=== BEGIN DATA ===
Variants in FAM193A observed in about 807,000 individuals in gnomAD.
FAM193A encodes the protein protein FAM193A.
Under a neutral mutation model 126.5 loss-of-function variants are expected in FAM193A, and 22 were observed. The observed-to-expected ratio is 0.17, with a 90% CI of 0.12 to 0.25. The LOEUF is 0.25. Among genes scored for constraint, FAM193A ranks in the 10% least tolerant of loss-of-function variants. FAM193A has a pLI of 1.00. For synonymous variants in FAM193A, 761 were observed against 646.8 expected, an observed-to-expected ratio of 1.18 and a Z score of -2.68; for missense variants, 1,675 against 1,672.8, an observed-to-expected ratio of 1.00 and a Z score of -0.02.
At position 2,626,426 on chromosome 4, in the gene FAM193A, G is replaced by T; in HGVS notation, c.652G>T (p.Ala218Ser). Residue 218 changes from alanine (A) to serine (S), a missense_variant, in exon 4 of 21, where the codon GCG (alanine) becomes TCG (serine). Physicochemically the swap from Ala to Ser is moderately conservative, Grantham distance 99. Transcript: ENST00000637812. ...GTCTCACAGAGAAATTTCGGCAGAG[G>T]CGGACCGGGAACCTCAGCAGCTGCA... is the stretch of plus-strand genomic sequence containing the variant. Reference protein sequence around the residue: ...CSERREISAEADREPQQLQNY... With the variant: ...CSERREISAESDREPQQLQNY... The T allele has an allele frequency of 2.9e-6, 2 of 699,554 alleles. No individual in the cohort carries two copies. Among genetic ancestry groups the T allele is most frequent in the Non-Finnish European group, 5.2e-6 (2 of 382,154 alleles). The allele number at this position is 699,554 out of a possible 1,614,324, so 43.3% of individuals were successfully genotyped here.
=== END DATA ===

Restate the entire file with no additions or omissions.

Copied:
Variants in FAM193A observed in about 807,000 individuals in gnomAD.
FAM193A encodes the protein protein FAM193A.
Under a neutral mutation model 126.5 loss-of-function variants are expected in FAM193A, and 22 were observed. The observed-to-expected ratio is 0.17, with a 90% CI of 0.12 to 0.25. The LOEUF is 0.25. Among genes scored for constraint, FAM193A ranks in the 10% least tolerant of loss-of-function variants. FAM193A has a pLI of 1.00. For synonymous variants in FAM193A, 761 were observed against 646.8 expected, an observed-to-expected ratio of 1.18 and a Z score of -2.68; for missense variants, 1,675 against 1,672.8, an observed-to-expected ratio of 1.00 and a Z score of -0.02.
At position 2,626,426 on chromosome 4, in the gene FAM193A, G is replaced by T; in HGVS notation, c.652G>T (p.Ala218Ser). Residue 218 changes from alanine (A) to serine (S), a missense_variant, in exon 4 of 21, where the codon GCG (alanine) becomes TCG (serine). Physicochemically the swap from Ala to Ser is moderately conservative, Grantham distance 99. Transcript: ENST00000637812. ...GTCTCACAGAGAAATTTCGGCAGAG[G>T]CGGACCGGGAACCTCAGCAGCTGCA... is the stretch of plus-strand genomic sequence containing the variant. Reference protein sequence around the residue: ...CSERREISAEADREPQQLQNY... With the variant: ...CSERREISAESDREPQQLQNY... The T allele has an allele frequency of 2.9e-6, 2 of 699,554 alleles. No individual in the cohort carries two copies. Among genetic ancestry groups the T allele is most frequent in the Non-Finnish European group, 5.2e-6 (2 of 382,154 alleles). The allele number at this position is 699,554 out of a possible 1,614,324, so 43.3% of individuals were successfully genotyped here.